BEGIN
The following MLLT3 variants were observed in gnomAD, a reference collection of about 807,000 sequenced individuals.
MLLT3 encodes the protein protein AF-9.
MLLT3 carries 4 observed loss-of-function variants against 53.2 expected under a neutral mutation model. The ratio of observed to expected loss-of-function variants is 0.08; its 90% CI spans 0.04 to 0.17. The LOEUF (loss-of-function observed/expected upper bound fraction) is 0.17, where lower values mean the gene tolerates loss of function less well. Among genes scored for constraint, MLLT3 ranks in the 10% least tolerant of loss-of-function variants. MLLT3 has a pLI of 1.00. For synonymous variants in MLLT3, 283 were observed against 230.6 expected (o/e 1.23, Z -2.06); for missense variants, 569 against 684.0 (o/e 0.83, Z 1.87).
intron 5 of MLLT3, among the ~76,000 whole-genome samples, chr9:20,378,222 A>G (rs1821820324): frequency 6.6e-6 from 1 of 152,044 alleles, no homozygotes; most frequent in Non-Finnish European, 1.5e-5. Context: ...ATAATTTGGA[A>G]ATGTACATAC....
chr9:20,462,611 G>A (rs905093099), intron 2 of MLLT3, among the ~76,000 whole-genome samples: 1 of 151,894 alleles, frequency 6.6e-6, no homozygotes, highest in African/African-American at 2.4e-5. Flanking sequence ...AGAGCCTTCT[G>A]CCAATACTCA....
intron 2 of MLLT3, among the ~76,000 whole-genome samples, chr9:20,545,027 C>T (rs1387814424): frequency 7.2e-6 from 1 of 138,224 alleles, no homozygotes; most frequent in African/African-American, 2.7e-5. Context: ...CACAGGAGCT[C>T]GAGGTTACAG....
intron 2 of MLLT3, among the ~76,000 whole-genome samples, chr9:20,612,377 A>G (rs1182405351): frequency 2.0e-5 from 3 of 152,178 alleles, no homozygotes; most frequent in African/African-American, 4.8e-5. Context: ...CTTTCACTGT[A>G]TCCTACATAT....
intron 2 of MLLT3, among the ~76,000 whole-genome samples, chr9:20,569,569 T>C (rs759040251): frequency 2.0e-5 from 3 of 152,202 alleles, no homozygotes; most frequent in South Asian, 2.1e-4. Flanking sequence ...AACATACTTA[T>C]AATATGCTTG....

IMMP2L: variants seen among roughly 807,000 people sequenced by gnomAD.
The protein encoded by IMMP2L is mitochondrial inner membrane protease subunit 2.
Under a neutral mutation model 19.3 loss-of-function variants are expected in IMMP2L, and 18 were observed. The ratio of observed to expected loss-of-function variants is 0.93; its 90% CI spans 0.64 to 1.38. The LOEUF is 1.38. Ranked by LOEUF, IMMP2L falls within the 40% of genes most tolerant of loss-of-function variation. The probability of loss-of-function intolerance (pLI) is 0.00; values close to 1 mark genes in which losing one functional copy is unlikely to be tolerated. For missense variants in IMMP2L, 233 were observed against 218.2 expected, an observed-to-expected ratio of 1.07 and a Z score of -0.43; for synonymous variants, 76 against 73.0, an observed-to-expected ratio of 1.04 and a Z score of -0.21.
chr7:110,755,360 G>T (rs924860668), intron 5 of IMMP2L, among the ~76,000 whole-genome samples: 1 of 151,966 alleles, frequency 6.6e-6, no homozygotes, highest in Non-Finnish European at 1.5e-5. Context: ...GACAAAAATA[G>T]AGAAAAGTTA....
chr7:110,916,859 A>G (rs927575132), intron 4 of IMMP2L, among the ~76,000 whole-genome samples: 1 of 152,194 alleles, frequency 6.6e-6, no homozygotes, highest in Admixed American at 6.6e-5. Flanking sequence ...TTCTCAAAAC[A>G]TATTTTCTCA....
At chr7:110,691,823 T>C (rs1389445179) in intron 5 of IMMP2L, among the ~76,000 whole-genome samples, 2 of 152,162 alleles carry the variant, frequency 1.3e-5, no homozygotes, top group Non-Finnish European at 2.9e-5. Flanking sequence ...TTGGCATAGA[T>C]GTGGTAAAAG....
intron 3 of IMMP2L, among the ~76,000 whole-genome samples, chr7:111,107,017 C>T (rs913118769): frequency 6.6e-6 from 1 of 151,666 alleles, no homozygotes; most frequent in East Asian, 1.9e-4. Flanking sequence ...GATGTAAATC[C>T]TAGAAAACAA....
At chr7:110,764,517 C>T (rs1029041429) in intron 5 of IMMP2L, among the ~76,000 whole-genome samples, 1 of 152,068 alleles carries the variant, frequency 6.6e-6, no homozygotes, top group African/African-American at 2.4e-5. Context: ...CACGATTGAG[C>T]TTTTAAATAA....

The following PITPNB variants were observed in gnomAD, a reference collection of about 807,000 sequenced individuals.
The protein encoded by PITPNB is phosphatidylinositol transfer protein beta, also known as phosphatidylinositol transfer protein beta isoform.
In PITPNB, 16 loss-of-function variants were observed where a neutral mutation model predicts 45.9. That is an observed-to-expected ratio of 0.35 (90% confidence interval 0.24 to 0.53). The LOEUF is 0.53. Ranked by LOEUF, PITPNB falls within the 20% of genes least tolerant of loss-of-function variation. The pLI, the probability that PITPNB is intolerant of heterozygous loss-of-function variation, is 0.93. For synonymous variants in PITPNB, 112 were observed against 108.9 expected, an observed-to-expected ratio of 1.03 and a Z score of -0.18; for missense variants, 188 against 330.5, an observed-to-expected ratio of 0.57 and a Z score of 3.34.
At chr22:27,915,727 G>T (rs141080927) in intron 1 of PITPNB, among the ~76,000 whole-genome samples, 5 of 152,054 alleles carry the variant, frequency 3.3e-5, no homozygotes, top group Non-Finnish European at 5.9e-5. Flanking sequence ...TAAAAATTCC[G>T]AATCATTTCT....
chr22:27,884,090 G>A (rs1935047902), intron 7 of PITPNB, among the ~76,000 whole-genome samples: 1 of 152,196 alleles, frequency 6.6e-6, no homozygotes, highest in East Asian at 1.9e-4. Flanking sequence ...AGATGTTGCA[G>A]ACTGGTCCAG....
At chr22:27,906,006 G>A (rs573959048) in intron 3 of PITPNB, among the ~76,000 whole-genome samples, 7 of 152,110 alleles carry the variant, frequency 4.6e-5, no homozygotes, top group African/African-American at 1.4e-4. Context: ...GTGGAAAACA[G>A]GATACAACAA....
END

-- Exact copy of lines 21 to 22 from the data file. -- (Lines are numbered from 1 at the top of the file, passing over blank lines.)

chr22:27,884,090 G>A (rs1935047902), intron 7 of PITPNB, among the ~76,000 whole-genome samples: 1 of 152,196 alleles, frequency 6.6e-6, no homozygotes, highest in East Asian at 1.9e-4. Flanking sequence ...AGATGTTGCA[G>A]ACTGGTCCAG....
At chr22:27,906,006 G>A (rs573959048) in intron 3 of PITPNB, among the ~76,000 whole-genome samples, 7 of 152,110 alleles carry the variant, frequency 4.6e-5, no homozygotes, top group African/African-American at 1.4e-4. Context: ...GTGGAAAACA[G>A]GATACAACAA....